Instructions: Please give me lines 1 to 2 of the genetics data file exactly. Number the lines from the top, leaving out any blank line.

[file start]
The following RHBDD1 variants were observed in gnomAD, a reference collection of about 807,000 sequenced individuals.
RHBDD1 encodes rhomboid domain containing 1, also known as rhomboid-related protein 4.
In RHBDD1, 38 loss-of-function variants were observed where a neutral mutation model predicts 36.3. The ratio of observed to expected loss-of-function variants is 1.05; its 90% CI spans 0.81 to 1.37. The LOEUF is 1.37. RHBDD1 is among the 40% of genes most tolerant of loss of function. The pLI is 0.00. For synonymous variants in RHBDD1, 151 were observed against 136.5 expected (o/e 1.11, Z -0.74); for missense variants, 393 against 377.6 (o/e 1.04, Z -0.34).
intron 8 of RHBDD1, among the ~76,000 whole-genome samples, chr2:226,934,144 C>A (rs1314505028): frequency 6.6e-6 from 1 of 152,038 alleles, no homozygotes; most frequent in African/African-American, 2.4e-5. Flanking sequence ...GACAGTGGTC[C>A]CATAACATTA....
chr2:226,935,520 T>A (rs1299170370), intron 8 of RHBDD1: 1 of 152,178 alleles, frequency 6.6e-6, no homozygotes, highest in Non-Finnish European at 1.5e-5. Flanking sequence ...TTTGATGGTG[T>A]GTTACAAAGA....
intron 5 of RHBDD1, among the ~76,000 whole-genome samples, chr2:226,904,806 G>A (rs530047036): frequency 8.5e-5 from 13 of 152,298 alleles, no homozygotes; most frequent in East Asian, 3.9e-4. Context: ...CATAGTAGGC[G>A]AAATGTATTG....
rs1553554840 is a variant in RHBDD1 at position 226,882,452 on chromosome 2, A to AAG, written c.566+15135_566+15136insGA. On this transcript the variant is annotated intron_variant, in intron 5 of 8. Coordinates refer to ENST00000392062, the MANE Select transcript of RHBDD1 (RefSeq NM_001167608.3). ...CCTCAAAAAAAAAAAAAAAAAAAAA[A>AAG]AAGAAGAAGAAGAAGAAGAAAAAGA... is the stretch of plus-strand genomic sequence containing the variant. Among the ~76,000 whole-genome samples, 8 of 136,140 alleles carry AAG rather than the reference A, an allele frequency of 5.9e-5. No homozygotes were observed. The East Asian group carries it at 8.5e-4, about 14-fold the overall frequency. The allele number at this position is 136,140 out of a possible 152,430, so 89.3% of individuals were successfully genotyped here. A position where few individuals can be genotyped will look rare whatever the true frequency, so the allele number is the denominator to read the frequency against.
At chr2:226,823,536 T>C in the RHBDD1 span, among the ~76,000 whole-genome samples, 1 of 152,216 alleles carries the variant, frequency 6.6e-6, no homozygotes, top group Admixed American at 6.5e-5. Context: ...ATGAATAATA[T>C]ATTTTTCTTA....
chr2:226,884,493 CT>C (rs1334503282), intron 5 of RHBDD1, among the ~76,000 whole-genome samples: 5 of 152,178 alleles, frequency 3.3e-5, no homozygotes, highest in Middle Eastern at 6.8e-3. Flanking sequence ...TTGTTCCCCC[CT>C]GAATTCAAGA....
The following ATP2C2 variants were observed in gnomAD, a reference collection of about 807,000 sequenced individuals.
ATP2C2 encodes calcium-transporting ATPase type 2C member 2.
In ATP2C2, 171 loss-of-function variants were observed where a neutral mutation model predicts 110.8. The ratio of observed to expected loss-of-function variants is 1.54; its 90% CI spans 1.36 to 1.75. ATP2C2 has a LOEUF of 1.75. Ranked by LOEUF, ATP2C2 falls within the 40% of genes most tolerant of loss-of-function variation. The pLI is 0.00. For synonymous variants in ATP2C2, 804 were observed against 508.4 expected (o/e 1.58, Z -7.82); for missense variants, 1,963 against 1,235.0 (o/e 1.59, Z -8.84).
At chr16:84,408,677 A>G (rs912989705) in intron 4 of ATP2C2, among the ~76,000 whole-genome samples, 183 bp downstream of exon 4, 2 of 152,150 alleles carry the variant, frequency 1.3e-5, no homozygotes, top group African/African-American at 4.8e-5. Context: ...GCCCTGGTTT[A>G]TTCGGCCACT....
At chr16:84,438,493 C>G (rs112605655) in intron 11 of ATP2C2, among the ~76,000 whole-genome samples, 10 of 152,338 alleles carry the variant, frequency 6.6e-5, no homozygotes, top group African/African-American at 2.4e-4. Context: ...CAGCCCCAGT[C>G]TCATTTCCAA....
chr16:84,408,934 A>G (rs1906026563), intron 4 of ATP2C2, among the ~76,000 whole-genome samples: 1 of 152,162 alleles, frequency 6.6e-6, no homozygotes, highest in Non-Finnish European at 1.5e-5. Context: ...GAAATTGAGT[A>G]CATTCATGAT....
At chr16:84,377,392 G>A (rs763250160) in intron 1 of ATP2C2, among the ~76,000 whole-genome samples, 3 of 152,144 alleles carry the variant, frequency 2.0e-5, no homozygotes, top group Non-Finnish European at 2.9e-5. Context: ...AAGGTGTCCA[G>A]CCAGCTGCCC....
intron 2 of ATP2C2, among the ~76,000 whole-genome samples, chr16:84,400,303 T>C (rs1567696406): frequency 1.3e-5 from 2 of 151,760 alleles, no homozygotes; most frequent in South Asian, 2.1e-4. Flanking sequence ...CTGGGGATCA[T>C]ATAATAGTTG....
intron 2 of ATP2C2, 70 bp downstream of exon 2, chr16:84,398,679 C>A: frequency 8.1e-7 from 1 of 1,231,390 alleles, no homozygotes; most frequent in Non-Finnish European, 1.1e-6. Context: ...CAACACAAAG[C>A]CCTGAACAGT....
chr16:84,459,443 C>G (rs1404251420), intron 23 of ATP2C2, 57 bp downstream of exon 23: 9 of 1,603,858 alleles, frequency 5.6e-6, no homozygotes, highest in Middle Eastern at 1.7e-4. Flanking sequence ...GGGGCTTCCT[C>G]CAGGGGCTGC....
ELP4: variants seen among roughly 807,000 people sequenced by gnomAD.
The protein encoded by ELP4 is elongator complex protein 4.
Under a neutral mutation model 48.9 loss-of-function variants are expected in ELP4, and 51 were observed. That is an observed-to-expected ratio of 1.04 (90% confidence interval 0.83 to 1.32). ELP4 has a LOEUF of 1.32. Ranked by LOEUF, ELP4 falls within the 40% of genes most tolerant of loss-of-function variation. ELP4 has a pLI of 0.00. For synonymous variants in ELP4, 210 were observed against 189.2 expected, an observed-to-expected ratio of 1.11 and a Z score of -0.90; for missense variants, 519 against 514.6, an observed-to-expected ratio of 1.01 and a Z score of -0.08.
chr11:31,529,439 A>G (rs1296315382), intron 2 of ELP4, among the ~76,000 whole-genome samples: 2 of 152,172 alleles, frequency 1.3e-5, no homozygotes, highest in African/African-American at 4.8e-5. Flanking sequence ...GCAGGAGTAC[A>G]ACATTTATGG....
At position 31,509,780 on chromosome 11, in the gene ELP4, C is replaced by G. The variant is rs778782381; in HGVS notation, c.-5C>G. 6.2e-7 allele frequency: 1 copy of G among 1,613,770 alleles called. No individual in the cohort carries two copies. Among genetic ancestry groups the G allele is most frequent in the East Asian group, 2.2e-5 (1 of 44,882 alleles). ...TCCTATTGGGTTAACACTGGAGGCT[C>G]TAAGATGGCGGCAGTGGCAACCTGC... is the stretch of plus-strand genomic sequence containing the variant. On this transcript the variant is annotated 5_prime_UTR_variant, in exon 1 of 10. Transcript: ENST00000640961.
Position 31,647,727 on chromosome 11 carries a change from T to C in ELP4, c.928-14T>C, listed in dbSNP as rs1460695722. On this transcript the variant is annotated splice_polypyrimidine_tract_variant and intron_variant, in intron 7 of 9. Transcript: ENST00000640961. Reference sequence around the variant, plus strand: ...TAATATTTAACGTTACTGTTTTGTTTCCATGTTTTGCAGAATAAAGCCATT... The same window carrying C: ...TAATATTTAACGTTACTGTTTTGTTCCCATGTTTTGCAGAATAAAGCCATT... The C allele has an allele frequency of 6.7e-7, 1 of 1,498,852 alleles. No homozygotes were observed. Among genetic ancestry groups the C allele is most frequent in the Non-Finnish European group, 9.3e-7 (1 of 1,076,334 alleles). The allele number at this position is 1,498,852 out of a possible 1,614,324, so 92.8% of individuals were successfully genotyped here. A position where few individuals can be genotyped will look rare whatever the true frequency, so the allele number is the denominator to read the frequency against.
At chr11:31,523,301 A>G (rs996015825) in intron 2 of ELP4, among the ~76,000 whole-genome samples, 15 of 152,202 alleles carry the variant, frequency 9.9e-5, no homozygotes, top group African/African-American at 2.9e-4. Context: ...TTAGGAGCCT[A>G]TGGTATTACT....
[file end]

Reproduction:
The following RHBDD1 variants were observed in gnomAD, a reference collection of about 807,000 sequenced individuals.
RHBDD1 encodes rhomboid domain containing 1, also known as rhomboid-related protein 4.